Despite decades of work in humans and animal models, the role of maternal/fetal microchimerism (the long term survival of rare cells from mothers in children or children in mothers) in reproductive immunology, pathogenesis of autoimmunity, and transplantation tolerance remains a largely unexplored area. A picture has begun to emerge, however-that maternal microchimerism somehow teaches the developing adaptive immune system how to balance the need for pathogen resistance against the requirement to protect sensitive tissues from autoimmune destruction. A key discovery in the course of the previous funding period was the finding in a mouse model of a link between the level of maternal microchimerism and the level of T regulatory cells specific for non-inherited maternal antigens or NIMA in adult mice. This discovery was paralleled by similar findings in healthy adult humans, suggesting general principles in mammals and not simply a 'mouse phenomenon'. Therefore we propose the hypothesis that maternal/fetal cell exchanges result in lifelong microchimerism that may evoke either tolerance or sensitization, depending on the ability of the chimerism to successfully infiltrate professional antigen-presenting cell [APC] lineages and thereby tip the balance in favor of T regulator vs. T effector cell induction. This hypothesis will be tested by means of 3 Specific Aims: 1)[Human] to determine in healthy families of different ethnic backgrounds the NIMA-specific immune status of individual family members, how this status is related to maternal microchimerism, and which alloantigen- specific T cells contribute to NIMA tolerance [T regulatory cell] or sensitization [T effector cell];2) [Mouse] to determine the role of particular Mc+ lineages in NIMA-specific tolerance or sensitization, and whether recipient only, or both recipient and donor (passenger) CD4 and CD8 T cells influence the NIMA effect on organ allograft outcome (the mutual regulation hypothesis);and 3) [Human] to determine if pre-transplant fetal/maternal immune status of recipient and/or donor predicts renal allograft outcome in HLA-haplo-identical living-related donor renal transplantation. Since the first submission of this competitive renewal application, we have discovered that mouse heart transplant tolerance to a "NIMA"-expressing donor can be accurately predicted prior to transplantation by simply measuring the level of indirect pathway anti- NIMA Treg activity [Dutta et al., AJT 2011, in press]. The significance of the research is that if successful, it will not only identify the key cellular components of natural allotolerance in mice and humans, but it will also enable transplant surgeons to select live-related patient-donor combinations with a high probability of successful outcome while avoiding sensitization in clinical tolerance trials.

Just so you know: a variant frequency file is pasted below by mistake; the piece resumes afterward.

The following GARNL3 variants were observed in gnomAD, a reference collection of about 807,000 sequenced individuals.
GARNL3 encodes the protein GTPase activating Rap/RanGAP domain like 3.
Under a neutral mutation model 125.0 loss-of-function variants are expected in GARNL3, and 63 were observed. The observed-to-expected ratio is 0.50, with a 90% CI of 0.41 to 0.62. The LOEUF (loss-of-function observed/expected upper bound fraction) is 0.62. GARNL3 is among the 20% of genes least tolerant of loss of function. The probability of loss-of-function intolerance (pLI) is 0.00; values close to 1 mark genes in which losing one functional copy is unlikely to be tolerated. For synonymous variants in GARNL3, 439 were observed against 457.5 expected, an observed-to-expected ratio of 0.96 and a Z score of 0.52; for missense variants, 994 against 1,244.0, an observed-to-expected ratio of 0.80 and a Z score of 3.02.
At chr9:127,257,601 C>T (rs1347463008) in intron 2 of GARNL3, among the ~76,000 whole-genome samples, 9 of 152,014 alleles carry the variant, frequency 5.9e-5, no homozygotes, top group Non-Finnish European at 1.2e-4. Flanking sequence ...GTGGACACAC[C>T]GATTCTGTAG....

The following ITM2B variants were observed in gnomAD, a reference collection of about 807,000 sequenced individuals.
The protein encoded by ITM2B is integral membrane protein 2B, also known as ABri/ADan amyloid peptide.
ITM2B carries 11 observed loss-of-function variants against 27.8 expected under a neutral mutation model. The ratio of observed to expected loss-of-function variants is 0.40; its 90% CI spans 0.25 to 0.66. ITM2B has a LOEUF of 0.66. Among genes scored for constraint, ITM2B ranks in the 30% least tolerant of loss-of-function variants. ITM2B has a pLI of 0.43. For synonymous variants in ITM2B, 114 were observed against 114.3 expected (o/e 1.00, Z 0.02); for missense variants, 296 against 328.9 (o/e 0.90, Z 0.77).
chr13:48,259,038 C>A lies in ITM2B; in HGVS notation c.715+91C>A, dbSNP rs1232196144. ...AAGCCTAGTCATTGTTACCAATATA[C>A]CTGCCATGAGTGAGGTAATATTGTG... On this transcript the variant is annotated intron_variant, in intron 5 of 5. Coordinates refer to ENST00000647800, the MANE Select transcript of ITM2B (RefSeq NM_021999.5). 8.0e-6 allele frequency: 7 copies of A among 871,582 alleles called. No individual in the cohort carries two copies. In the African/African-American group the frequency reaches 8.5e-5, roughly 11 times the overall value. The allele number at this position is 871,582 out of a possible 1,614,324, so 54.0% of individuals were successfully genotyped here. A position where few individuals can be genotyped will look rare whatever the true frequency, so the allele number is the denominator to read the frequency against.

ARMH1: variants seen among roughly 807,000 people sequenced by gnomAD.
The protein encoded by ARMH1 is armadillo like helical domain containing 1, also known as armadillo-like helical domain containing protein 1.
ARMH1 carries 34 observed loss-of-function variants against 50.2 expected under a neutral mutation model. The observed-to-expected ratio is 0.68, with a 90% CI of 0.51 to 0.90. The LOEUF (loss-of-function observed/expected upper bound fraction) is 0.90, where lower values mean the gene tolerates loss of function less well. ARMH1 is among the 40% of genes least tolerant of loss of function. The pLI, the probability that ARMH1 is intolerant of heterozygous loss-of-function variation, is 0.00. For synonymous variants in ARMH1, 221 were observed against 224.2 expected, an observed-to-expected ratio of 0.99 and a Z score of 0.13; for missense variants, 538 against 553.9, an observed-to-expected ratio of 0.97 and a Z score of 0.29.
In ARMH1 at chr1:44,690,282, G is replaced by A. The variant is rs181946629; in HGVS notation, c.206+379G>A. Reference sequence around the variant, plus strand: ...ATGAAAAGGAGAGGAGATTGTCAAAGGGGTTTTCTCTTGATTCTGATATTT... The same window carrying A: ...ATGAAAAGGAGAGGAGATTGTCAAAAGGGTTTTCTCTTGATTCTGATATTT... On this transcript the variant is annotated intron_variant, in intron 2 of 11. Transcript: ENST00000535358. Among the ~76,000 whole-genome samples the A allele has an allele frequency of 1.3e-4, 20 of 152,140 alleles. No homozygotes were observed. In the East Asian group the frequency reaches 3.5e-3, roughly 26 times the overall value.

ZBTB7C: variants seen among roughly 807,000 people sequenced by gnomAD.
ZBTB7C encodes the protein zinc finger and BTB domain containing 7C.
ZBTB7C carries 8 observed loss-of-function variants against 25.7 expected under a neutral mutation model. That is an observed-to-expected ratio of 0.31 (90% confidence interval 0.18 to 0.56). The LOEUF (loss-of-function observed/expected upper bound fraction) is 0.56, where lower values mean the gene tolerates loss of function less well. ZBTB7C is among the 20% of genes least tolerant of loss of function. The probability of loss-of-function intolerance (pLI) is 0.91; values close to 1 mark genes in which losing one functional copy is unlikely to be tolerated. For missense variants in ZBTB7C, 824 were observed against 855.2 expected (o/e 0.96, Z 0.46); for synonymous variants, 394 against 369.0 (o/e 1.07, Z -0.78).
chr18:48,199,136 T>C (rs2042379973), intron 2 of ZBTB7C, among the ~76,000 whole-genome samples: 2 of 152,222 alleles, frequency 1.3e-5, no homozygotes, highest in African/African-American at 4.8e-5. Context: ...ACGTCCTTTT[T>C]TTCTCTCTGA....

Successful pregnancy depends on natural mechanisms of immunologic tolerance that insure the health of the fetus and mother until delivery. However, even after separation, mother and baby continue to harbor small numbers of fetal or maternal cells in their body, in apparent defiance of surveillance by the host immune system. This study seeks to determine the mechanisms of fetal-maternal cell acceptance, and whether acquired tolerance to this natural "transplant" can be exploited for the benefit of the organ transplant recipient. We will also investigate the role of ethnicity in the response to maternal cells and whether this can help explain the lower rates of kidney graft survival observed in African-American and Hispanic non- Caucasian subjects.
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